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Capitol Watch: Freight is the Star of the House STRRA

By Anna Denecke, Associate,
Blakey & Agnew, LLC

Despite a tumultuous series of weeks in Congress, in which Speaker John Boehner (R-OH) retired and his heir-apparent Kevin McCarthy (R-CA) bowed out of the race to succeed him, the House still approved their first long-term surface transportation proposal in a decade.

On November 5, by a vote of 363-64, the House’s six-year Surface Transportation Reauthorization and Reform Act of 2015 (STRRA) was approved and sent to conference with the Senate’s Developing a Reliable and Innovative Vision for the Economy (DRIVE) Act. The DRIVE Act passed the Senate by a vote of 65-34 on July 30.

The House bill provides $325 billion in contract authority, compared to the Senate’s slightly more robust $350 billion proposal. Both bills address the chronic insolvency of the Highway Trust Fund by transferring dollars from the General Fund of the Treasury to the beleaguered transportation account.

The hallmark of the House-passed STRRA is its creation of the Nationally Significant Freight and Highway Projects program. This competitive grant program provides $4.42 billion in contract authority, over six years, to freight projects around the country.

STRRA’s Nationally Significant Freight and Highway Projects program has broad applicant eligibility and funnels a large percentage of its money to highway, bridge, and grade separation projects. It includes a $500 million aggregate flex cap for projects on the bill’s newly created multimodal freight network.

The program is, in some respects, comparable to the Assistance for Major Projects Program (AMPP), the DRIVE Act’s merit-based grant program funded through contract authority at $2.1 billion over six years. AMPP provides up to 20 percent of funds annually for transit and multimodal freight projects. The Senate program augments two other sources of freight funding created by DRIVE. The first is a freight formula program, supported by contract authority at $11.65 billion over six years. The second is the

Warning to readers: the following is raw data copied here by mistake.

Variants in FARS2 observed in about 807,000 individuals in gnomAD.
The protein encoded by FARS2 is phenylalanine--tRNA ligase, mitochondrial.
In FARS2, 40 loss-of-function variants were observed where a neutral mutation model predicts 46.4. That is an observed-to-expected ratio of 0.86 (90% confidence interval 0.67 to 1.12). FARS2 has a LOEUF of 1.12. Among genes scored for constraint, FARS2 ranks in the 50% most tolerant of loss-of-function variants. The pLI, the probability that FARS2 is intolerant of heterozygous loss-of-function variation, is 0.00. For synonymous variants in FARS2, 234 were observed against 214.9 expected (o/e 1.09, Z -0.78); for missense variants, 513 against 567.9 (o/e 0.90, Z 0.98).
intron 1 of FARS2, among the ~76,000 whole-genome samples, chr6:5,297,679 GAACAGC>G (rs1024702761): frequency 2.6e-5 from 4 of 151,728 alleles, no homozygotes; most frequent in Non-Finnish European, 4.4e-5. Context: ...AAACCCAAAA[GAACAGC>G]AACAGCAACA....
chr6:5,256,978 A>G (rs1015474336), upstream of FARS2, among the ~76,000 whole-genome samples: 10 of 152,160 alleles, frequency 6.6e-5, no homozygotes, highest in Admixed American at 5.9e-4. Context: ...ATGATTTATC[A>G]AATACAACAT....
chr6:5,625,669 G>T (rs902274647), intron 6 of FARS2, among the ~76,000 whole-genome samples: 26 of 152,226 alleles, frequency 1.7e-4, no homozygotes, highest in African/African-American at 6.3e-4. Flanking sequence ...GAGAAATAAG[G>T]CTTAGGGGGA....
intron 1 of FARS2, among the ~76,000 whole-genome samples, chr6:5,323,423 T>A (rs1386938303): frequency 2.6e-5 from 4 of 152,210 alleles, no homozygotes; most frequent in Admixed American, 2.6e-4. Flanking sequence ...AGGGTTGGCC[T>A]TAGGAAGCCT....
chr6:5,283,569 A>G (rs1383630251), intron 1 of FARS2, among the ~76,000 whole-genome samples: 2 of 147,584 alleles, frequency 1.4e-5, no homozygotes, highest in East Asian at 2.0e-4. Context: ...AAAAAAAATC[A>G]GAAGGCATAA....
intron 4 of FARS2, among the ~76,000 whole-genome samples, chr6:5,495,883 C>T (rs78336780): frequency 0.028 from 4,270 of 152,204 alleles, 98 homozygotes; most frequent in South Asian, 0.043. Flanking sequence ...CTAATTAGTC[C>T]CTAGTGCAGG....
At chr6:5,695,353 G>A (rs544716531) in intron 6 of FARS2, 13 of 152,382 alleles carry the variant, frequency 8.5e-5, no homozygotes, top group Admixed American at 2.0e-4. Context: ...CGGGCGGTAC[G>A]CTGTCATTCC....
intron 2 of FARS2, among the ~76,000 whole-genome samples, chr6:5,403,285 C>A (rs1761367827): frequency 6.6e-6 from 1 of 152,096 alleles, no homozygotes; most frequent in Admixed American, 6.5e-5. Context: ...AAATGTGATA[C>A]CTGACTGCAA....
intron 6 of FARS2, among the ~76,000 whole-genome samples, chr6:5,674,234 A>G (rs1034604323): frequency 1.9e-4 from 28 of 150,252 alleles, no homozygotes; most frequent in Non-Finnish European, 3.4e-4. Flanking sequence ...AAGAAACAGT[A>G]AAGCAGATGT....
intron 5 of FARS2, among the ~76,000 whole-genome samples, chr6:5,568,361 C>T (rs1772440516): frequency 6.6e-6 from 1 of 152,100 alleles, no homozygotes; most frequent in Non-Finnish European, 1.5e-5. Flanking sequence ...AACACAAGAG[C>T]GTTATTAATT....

Assistance for Freight Projects program, authorized for appropriations at $200 million annually.

In addition to providing much-needed funding for freight infrastructure projects, STRRA establishes a National Multimodal Freight Policy and asks the Secretary of Transportation to designate a National Multimodal Freight Network. Similar policy provisions are included in the DRIVE Act. STRRA also reforms MAP-21’s 28,000 centerline-mile Primary Freight Network, renaming it the Primary Highway Freight Network and increasing the mileage cap to 41,000 miles.

An amendment offered by Rep. Neugebauer (R-TX), and subsequently adopted by the full House during floor debate of STRRA, substantially increases the amount of money available to fund a final surface transportation bill. Neugebauer’s amendment provides a net addition of $40 billion in transfers from the General Fund of the Treasury to the Highway Trust Fund, offset by taking dollars from a surplus account at the Federal Reserve.

This infusion of General Fund cash provides previously unanticipated flexibility to the STRRA/DRIVE Conference Committee. Conferees could choose to pay for all six years of STRRA or five years of the more robust DRIVE Act. They could also choose to eliminate other budgetary offsets in favor of the Neugebauer transfer, which would, in effect, only pay for a portion of the bill up-front and leave the question of how to maintain the solvency of the Highway Trust Fund up to a future Congress.

Blakey & Agnew, LLC is a public affairs and communications consulting firm based in Washington, DC.